Remembering Mom: Find Something to Do


Yesterday morning, I stepped outside with Floyd and Maeve for the morning constitutional and heard mockingbirds imitating the sounds of fire sirens.  There they were in the tops of as-yet leafless maples singing the song of the hour:  something is very wrong.  That didn't keep the dogs from doing what dogs do. 

That did keep me from slipping into a stark state of mind, though.  Mockingbirds.  Add to their modernist contribution to the ambiance the rattle of robins, the "hey, gang, we're here" cackle of crows, the "breakfast, dammit" of blue jays, and you have an inimitable early morning, early spring moment that just plain asks the daffodils and the forsythia to get on with it so we have some scenery in shades of splendid yellow to enjoy.

Yellow.  Mom's favorite color.  The color of joy and hope and getting on with it.

If she were here now waiting out the coronavirus quarantine/shelter-in-place/shut down, she'd say, "Find something to do."  And if I waited too long, she might come back to say, "Go outside and do some yard work."  To that she might throw in, "Stop feeling sorry forbyourself."

As gentle, sweet, and kind as my mother was, she was also ruthless.  Against the inertia of self-pity she pushed with herculean might.  To her way of thinking, self-pity was a form of self-absorption that left all kinds of work undone and bored the pants off the people around you.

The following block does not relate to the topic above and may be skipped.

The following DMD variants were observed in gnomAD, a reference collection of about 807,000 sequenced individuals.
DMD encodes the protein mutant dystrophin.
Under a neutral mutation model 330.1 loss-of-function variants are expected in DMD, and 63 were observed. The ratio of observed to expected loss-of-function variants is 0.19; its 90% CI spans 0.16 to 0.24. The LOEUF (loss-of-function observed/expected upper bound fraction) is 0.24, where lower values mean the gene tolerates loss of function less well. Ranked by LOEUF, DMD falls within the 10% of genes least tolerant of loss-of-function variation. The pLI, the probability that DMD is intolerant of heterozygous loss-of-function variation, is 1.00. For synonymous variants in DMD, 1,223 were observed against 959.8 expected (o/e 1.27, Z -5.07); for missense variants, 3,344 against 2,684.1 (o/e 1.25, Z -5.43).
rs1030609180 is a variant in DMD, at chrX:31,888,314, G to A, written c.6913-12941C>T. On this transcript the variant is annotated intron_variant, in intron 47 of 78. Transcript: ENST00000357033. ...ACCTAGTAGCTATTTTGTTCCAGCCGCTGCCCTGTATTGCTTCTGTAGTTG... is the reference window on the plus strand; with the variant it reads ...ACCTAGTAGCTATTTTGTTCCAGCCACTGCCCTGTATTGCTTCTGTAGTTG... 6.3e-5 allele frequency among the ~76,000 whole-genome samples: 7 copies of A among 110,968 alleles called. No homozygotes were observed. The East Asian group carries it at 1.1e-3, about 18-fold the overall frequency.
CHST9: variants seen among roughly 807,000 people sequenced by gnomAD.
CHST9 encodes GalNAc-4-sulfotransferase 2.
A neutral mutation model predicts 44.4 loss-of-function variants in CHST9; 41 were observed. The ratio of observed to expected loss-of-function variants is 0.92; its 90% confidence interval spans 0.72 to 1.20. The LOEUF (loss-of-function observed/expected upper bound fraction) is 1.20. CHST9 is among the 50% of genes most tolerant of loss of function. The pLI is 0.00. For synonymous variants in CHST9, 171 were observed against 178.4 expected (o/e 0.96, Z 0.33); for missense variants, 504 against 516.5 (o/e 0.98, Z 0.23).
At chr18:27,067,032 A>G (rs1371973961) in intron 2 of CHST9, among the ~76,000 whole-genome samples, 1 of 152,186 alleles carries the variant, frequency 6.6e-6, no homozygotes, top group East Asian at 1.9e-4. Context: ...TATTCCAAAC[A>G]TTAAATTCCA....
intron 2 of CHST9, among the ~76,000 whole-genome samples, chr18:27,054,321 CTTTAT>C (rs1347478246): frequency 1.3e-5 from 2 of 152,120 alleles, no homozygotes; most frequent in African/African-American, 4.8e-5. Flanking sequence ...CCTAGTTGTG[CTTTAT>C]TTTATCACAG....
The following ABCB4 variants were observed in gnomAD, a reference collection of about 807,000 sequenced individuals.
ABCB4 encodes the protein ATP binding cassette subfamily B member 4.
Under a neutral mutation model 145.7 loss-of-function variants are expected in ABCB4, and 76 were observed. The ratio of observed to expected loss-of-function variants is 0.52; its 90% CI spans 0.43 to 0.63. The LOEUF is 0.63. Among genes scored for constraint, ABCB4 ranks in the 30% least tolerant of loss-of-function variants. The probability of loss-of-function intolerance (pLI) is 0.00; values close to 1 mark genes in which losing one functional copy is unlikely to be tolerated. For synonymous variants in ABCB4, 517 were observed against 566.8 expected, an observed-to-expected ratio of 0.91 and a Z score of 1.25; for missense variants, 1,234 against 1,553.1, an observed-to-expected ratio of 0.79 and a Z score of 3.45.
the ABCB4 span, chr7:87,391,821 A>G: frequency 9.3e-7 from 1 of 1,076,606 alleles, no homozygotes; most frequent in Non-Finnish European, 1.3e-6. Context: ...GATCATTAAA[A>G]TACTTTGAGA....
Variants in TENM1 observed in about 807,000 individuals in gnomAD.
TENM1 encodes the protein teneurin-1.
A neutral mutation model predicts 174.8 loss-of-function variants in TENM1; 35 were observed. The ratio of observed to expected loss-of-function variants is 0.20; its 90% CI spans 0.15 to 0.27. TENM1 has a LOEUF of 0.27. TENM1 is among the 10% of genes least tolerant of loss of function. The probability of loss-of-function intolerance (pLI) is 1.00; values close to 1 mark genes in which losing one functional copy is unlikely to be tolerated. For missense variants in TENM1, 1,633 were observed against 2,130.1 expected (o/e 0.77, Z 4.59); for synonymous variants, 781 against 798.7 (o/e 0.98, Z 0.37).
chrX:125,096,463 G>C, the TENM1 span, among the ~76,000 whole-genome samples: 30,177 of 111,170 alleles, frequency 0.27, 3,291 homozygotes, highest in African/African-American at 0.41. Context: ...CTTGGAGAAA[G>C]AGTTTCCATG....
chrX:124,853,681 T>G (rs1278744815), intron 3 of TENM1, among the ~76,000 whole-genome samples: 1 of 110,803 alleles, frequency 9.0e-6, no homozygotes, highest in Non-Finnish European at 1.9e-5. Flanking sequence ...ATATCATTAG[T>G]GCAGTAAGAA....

Thinking about it now, I would say any instance of shifting responsibility for your life and your actions to some other was a form of self-pity--a surrender to fate rather than an owning of it.  Further, surrendering the responsibility to do something in the face of crummy circumstances (COVID-19, anybody?) would also count as self-pity.

I hear hear.  I feel her.  I refused to surrender.  But how I wish she were here to remind me not to feel sorry for myself, this woman born into a war, blinded in one eye by some bratty kid when she herself was a kid, raising a family during those not-so-glorious 70s, managing the dynamics of a dysfunctional family to the bitter end, loving her children and grandchildren, and finding a good cause for a big laugh and an enduring smile through it all.

Find something to do.

I write lesson plans, and I walk the dogs. I do yard work, clean the house, write letters.

Through it all, I remember the Mom who said loving means doing.

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